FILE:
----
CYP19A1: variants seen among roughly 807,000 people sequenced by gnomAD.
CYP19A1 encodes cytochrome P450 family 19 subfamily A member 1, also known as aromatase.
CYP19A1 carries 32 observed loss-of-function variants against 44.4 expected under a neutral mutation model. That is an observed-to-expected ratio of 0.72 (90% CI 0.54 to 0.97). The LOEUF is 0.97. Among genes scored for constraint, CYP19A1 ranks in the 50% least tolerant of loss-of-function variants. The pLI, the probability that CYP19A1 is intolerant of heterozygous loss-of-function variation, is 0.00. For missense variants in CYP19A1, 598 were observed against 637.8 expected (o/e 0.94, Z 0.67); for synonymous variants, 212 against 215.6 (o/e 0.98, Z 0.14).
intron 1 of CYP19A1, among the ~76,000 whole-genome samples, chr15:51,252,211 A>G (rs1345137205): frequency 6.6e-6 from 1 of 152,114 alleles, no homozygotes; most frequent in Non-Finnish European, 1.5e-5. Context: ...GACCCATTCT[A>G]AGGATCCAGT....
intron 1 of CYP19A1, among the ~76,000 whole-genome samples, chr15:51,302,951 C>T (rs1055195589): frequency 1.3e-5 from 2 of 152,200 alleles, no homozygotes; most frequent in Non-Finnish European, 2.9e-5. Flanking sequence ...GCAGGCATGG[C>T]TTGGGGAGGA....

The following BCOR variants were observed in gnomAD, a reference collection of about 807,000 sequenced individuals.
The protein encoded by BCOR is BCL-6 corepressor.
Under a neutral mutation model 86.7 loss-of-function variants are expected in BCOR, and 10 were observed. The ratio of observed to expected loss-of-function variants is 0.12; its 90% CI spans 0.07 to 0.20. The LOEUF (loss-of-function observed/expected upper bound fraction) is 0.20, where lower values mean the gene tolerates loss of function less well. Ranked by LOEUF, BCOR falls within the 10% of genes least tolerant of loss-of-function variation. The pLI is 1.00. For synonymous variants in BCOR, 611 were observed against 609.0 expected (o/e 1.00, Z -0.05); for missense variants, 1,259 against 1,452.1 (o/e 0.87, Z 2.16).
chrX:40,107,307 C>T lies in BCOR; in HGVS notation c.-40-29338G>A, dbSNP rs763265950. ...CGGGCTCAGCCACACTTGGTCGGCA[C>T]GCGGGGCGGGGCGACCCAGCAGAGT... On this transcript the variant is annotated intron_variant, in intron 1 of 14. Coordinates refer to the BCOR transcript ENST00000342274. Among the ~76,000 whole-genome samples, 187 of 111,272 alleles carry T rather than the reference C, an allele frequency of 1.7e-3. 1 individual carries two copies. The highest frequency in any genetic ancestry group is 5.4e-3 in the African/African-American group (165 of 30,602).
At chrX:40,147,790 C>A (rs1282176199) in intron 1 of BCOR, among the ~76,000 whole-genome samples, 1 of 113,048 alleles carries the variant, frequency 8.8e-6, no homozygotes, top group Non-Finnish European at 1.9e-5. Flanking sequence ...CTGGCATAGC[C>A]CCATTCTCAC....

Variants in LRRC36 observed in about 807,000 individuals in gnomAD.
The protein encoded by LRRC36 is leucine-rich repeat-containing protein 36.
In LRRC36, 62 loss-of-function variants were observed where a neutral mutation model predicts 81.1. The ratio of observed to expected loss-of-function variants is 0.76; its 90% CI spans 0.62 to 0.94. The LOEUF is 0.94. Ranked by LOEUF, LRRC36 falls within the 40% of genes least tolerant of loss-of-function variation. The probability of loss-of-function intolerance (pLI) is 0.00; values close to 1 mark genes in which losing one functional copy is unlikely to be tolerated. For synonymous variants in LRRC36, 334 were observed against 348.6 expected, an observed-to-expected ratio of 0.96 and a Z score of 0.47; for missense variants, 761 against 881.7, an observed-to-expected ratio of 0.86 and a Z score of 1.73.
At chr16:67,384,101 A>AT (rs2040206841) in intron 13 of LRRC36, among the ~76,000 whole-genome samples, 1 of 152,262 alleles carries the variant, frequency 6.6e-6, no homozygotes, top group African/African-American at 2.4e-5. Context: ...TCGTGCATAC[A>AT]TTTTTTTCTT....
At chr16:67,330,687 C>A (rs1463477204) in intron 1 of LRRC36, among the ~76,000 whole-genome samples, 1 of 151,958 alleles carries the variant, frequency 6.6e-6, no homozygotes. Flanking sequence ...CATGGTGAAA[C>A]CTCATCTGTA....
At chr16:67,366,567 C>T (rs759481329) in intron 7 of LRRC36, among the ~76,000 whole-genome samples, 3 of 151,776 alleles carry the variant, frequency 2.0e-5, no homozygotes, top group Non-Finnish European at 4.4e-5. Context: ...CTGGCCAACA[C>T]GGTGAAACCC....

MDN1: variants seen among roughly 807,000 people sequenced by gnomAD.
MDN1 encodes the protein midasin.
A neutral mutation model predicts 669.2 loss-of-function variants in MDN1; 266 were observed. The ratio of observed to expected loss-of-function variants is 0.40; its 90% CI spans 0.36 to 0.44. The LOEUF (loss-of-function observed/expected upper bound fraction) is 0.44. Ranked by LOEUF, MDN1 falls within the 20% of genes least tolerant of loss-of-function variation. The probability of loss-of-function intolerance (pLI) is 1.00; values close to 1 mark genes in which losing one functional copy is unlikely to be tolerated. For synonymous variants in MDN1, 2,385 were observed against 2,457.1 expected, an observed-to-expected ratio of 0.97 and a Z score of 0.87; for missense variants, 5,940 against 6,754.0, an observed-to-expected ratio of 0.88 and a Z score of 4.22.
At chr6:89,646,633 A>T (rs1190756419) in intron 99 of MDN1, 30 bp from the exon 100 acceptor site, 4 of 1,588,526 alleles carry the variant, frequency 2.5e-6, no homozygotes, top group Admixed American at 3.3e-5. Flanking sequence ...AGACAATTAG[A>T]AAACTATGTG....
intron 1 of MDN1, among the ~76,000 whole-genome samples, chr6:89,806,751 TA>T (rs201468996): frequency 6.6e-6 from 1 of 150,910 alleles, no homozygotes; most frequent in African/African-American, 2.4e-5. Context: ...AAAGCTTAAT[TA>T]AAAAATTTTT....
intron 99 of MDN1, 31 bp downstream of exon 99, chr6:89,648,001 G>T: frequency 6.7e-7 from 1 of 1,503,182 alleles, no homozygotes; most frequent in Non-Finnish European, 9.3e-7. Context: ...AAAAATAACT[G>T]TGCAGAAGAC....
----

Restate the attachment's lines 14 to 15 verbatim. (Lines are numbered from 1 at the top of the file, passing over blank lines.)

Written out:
At chr16:67,384,101 A>AT (rs2040206841) in intron 13 of LRRC36, among the ~76,000 whole-genome samples, 1 of 152,262 alleles carries the variant, frequency 6.6e-6, no homozygotes, top group African/African-American at 2.4e-5. Context: ...TCGTGCATAC[A>AT]TTTTTTTCTT....
At chr16:67,330,687 C>A (rs1463477204) in intron 1 of LRRC36, among the ~76,000 whole-genome samples, 1 of 151,958 alleles carries the variant, frequency 6.6e-6, no homozygotes. Flanking sequence ...CATGGTGAAA[C>A]CTCATCTGTA....